The results of the dental arm of “The Toddler Overweight and Tooth Decay Prevention Study” (TOTS), which targeted American Indians from birth to 30 months of age, appear in the current issue (Volume 20, Number 4) of the peer-reviewed journal Ethnicity & Disease.
The arrival of Europeans brought diseases such as measles, influenza and smallpox to the Americas. Less well known is that Europeans also brought premature tooth decay to American Indians by introducing sugar and sugared foods. Before the adoption of European food patterns, tooth decay was mostly a disease of old age in the New World. With the addition of sugar to the American Indian diet, tooth decay became a disease that begins early in life. Today American Indians of all ages, many without adequate or timely access to dental care, are severely affected by tooth decay.
To implement TOTS the researchers worked closely with tribal councils. In three of the four communities, good tasting water was made readily available in water fountains and inexpensive, refillable gallon jugs. Sugared soda was removed from tribal stores, and substitution of water for soda was actively encouraged through community outreach programs. Families received food counseling and breastfeeding support through tribal community health workers.
“After the successful switch to water, we compared the rate of tooth decay in children born in these three communities over the next 30 months with those born in a fourth community, where the young children had not benefited from the community interventions. We found a decrease of between 30 and 63 percent in early stage, potentially reversible tooth decay. For more advanced tooth decay the impact was smaller but nevertheless substantial. Children in intervention communities had 34 to 44 percent fewer cavities than those in the comparison community,” said Gerardo Maupomé, B.D.S., M.Sc., Ph.D., professor of preventive and community dentistry at the Indiana University School of Dentistry and a Regenstrief Institute affiliated scientist. He is the first author of the study.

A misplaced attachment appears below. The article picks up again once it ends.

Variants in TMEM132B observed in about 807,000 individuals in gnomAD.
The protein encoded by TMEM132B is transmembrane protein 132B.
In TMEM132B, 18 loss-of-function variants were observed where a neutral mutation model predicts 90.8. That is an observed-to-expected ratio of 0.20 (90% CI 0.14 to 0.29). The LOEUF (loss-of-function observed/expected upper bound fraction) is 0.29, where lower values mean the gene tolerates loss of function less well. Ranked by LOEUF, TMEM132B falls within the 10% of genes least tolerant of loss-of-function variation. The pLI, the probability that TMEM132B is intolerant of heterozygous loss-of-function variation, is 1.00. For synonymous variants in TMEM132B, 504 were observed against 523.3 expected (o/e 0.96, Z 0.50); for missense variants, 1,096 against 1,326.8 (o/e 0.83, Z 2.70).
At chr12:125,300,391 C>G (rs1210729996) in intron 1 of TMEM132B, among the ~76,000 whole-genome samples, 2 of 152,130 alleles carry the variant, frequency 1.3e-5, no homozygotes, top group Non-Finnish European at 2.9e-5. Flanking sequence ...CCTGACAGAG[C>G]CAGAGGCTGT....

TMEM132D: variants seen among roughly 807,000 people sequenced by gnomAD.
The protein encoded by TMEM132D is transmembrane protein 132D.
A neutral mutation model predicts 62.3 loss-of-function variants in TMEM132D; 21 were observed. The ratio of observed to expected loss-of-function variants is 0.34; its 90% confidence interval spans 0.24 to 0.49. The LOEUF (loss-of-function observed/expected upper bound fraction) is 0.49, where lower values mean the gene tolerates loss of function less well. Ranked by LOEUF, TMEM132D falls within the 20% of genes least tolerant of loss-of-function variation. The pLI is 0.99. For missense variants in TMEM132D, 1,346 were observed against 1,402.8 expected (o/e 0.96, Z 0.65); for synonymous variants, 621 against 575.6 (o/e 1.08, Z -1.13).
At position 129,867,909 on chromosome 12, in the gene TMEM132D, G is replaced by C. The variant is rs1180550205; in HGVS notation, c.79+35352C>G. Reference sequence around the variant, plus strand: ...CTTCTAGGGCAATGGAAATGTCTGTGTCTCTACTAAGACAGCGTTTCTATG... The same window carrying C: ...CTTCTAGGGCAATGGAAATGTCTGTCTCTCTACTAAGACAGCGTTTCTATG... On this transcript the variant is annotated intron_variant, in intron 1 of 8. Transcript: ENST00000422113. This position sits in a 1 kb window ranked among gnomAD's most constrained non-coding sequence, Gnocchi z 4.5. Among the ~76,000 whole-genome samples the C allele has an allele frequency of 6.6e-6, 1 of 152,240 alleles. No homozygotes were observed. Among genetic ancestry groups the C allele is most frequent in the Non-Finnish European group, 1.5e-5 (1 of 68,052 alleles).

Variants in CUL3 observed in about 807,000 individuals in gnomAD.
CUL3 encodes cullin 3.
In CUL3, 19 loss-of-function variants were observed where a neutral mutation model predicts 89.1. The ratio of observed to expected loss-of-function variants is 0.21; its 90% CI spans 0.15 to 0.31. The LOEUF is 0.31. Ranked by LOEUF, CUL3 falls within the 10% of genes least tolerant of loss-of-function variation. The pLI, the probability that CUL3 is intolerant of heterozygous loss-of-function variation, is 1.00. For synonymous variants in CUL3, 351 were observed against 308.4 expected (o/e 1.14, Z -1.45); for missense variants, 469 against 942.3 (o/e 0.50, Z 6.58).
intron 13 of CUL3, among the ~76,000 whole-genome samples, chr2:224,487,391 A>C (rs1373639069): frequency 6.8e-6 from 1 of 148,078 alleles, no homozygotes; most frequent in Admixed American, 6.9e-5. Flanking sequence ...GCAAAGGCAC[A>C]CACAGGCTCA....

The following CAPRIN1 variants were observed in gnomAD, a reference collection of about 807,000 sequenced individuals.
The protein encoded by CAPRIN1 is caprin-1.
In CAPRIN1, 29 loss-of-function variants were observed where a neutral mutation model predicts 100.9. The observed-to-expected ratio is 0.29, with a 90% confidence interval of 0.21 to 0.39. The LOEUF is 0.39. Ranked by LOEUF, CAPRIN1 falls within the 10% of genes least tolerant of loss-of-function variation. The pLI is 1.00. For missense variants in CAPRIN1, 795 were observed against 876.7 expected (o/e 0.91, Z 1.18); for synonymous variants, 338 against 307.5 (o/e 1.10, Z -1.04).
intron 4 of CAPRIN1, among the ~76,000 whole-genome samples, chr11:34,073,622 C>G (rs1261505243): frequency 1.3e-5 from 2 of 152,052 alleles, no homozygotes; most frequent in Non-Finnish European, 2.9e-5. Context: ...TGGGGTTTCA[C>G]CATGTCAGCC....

Because the researchers were looking at rate of decay within each community, whether or not the water was fluoridated did not impact the results of the study.
“These Pacific Northwest tribes consider water a sacred drink so tribal elders liked the idea of regaining American Indian values – it was a culturally attractive choice. Baby bottles and sippy-cups filled with sweetened drinks were not uncommon on the reservations prior to the study. If water isn’t appealing and you don’t have a lot of money, and you don’t have access to fresh fruits and vegetables but soda is easy to find and cheap, you are likely to give your child soda and other junk food,” said Dr. Maupomé, who is a health services researcher.
Co-authors of “Dental Caries in American Indian Toddlers after a Community-based Beverage Intervention” in addition to Dr. Maupomé, are Njeri Karanja, Ph.D. of the Kaiser Permanente Center for Health Research; Cheryl Ritenbaugh, Ph.D., and Mikel Aickin, Ph.D., of the University of Arizona; Tam Lutz, MPH, of the Northwest Portland Area Indian Health Board; and Thomas Becker, Ph.D., of Oregon Health and Sciences University.
The study was funded by the Native American Research Centers for Health and the National Institute of Dental and Craniofacial Research.
The IU School of Dentistry and the Regenstrief Institute are located on the campus of Indiana University-Purdue University Indianapolis.